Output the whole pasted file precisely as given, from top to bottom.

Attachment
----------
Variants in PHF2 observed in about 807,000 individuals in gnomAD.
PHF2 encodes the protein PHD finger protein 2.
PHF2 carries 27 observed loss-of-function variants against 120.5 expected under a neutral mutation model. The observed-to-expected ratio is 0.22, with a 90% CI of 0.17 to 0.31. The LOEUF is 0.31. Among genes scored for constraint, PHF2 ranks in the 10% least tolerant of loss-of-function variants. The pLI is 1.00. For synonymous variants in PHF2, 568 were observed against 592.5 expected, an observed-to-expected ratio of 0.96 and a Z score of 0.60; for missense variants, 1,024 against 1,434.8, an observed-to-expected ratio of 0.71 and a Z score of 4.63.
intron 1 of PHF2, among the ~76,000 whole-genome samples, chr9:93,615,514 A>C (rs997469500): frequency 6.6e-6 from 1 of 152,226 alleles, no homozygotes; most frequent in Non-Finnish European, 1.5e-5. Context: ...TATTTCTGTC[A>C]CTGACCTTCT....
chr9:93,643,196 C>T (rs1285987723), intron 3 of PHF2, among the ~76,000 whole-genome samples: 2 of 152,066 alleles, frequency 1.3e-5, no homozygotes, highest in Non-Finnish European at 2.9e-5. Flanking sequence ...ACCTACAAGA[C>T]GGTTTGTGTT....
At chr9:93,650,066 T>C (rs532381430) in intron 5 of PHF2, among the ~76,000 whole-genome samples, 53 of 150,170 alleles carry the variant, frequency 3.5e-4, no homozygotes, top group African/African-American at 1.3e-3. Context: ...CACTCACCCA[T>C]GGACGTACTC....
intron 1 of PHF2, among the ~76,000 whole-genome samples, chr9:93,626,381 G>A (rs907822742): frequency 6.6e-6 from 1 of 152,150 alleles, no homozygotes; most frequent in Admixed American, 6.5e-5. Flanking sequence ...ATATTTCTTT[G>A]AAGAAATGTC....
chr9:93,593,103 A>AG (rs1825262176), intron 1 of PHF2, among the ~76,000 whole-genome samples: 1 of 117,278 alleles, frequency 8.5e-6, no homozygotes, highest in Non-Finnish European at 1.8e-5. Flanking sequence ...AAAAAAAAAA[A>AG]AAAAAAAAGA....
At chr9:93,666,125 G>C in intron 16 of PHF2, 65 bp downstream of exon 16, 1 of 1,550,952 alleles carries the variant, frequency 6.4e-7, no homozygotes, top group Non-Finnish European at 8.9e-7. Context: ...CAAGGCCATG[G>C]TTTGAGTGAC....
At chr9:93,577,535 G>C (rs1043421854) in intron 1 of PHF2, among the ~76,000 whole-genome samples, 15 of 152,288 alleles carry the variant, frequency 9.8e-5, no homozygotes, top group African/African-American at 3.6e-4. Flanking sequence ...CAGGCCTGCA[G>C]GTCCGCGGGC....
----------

Variants in PHF2 observed in about 807,000 individuals in gnomAD.
PHF2 encodes the protein PHD finger protein 2.
PHF2 carries 27 observed loss-of-function variants against 120.5 expected under a neutral mutation model. The observed-to-expected ratio is 0.22, with a 90% CI of 0.17 to 0.31. The LOEUF is 0.31. Among genes scored for constraint, PHF2 ranks in the 10% least tolerant of loss-of-function variants. The pLI is 1.00. For synonymous variants in PHF2, 568 were observed against 592.5 expected, an observed-to-expected ratio of 0.96 and a Z score of 0.60; for missense variants, 1,024 against 1,434.8, an observed-to-expected ratio of 0.71 and a Z score of 4.63.
intron 1 of PHF2, among the ~76,000 whole-genome samples, chr9:93,615,514 A>C (rs997469500): frequency 6.6e-6 from 1 of 152,226 alleles, no homozygotes; most frequent in Non-Finnish European, 1.5e-5. Context: ...TATTTCTGTC[A>C]CTGACCTTCT....
chr9:93,643,196 C>T (rs1285987723), intron 3 of PHF2, among the ~76,000 whole-genome samples: 2 of 152,066 alleles, frequency 1.3e-5, no homozygotes, highest in Non-Finnish European at 2.9e-5. Flanking sequence ...ACCTACAAGA[C>T]GGTTTGTGTT....
At chr9:93,650,066 T>C (rs532381430) in intron 5 of PHF2, among the ~76,000 whole-genome samples, 53 of 150,170 alleles carry the variant, frequency 3.5e-4, no homozygotes, top group African/African-American at 1.3e-3. Context: ...CACTCACCCA[T>C]GGACGTACTC....
intron 1 of PHF2, among the ~76,000 whole-genome samples, chr9:93,626,381 G>A (rs907822742): frequency 6.6e-6 from 1 of 152,150 alleles, no homozygotes; most frequent in Admixed American, 6.5e-5. Flanking sequence ...ATATTTCTTT[G>A]AAGAAATGTC....
chr9:93,593,103 A>AG (rs1825262176), intron 1 of PHF2, among the ~76,000 whole-genome samples: 1 of 117,278 alleles, frequency 8.5e-6, no homozygotes, highest in Non-Finnish European at 1.8e-5. Flanking sequence ...AAAAAAAAAA[A>AG]AAAAAAAAGA....
At chr9:93,666,125 G>C in intron 16 of PHF2, 65 bp downstream of exon 16, 1 of 1,550,952 alleles carries the variant, frequency 6.4e-7, no homozygotes, top group Non-Finnish European at 8.9e-7. Context: ...CAAGGCCATG[G>C]TTTGAGTGAC....
At chr9:93,577,535 G>C (rs1043421854) in intron 1 of PHF2, among the ~76,000 whole-genome samples, 15 of 152,288 alleles carry the variant, frequency 9.8e-5, no homozygotes, top group African/African-American at 3.6e-4. Flanking sequence ...CAGGCCTGCA[G>C]GTCCGCGGGC....